KIEV: Ukraine’s new Western-backed President Petro Poroshenko got down Sunday to the Herculean task of pacifying a deadly pro-Kremlin insurgency and averting a devastating Russian gas cut.
The 48-year-old candy magnate — dubbed the “chocolate king” — delivered a forceful inauguration address Saturday in which he vowed to never accept Russia’s annexation of Crimea and pursue Ukraine’s new pro-European course.
And he flatly rejected dialogue with “gangsters and killers” who have declared independence in two heavily-Russified eastern regions and are waging a bloody campaign against Ukrainian forces that Kiev and the West accuse the Kremlin of choreographing.
Europe’s worst security crisis in decades has now plunged East-West relations into a Cold War-style standoff and left the ex-Soviet country of 46 million facing disintegration and economic collapse.
But a sudden chink in the diplomatic ice emerged Friday when Russian President Vladimir Putin — nudged by German Chancellor Angela Merkel — shook hands with Poroshenko on the sidelines of D-Day commemorations in Normandy and conducted what he described as a “very positive” exchange of views.
Putin followed that up Saturday by bowing to US pressure and demanding extra protection of Russia’s western border in order to stem the flow of militants and weapons into Ukraine.
The seeming shift in Putin’s aggressive approach prompted Poroshenko to suggest that he might receive a top Russian envoy Sunday for talks aimed at calming the eight-week insurgency and mending the neighbor’s ties.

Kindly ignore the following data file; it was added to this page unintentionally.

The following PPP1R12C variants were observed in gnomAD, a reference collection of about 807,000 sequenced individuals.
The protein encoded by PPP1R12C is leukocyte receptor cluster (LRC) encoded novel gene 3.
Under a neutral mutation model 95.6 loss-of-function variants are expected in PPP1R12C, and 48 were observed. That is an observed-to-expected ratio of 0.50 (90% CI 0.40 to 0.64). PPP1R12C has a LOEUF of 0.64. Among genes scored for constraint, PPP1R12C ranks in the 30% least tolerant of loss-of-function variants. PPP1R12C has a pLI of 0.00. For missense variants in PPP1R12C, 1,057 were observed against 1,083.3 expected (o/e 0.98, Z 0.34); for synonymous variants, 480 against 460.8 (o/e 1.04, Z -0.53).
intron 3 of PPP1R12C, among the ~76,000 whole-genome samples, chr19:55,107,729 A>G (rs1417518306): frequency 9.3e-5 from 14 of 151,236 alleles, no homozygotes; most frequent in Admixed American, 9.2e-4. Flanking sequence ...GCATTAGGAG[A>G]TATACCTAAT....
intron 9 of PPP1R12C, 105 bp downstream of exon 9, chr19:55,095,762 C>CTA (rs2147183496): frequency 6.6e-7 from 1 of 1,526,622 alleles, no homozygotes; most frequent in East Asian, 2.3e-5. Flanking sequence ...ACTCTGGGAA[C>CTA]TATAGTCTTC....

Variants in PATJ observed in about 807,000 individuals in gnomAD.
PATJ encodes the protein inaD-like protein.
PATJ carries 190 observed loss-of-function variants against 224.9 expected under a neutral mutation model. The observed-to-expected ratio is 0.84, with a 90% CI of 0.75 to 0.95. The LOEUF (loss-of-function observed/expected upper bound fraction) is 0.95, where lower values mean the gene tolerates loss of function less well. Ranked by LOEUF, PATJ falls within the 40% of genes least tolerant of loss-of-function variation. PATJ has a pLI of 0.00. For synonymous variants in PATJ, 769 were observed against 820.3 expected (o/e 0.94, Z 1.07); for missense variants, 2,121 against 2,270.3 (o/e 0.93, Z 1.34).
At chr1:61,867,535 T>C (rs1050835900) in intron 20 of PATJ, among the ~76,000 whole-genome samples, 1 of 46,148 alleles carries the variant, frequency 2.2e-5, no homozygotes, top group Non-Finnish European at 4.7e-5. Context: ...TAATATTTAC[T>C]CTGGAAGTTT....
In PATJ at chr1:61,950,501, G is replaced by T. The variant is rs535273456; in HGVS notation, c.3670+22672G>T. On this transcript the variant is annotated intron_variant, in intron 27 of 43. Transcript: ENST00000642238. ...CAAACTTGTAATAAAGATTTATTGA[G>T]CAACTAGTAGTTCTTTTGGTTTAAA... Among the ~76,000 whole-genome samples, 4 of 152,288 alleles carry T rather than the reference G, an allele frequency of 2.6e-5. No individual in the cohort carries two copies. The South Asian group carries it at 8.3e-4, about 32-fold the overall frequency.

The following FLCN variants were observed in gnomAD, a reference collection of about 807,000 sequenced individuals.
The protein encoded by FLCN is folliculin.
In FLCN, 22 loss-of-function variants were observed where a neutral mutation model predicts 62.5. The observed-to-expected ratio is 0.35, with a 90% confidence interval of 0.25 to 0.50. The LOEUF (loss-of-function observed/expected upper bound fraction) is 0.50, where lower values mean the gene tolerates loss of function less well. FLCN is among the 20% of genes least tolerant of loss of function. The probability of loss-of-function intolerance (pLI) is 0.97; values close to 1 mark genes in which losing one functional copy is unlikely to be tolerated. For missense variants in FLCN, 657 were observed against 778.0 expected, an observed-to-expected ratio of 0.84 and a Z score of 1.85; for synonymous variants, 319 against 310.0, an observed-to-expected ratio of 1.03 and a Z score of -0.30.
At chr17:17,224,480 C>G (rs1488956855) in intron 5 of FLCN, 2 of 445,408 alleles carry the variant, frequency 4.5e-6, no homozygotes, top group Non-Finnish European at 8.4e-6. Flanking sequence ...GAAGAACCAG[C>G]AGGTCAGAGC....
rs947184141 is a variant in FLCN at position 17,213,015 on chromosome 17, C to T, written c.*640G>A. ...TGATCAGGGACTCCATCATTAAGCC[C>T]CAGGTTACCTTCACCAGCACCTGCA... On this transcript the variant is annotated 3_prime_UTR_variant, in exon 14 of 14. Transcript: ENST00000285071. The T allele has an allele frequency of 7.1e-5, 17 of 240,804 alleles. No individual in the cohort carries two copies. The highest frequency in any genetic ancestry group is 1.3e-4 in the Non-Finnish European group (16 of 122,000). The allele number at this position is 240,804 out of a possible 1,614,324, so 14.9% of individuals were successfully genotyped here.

But the Kremlin refused to confirm the meeting and no Moscow negotiator was known to have arrived in Kiev by Sunday afternoon.
Russian gas threat
Ukraine won a vital reprieve last week when Russia pushed back until Tuesday an ultimatum for Kiev to make billions in dollars in overdue payments or see its fuel supplies cut.
The debt had been incurred by Kiev for months due to two decades of economic mismanagement that last year saw Ukraine slip into its second recession since 2009.
But Moscow demanded immediate payment after stripping Ukraine of price discounts it had awarded the ousted pro-Kremlin regime — a decision denounced by the new Kiev leaders as a form of “economic aggression”.
Ukrainian transits of Russian gas supply about 15 percent of European needs despite efforts to reduce that dependence following similar interruptions in 2006 and 2009.
And a top EU envoy is now urgently seeking a compromise that could save 18 member states from seeing their deliveries start dwindling this week.
The Russian energy ministry said that the final round of EU-mediated talks will be held Monday evening in Brussels.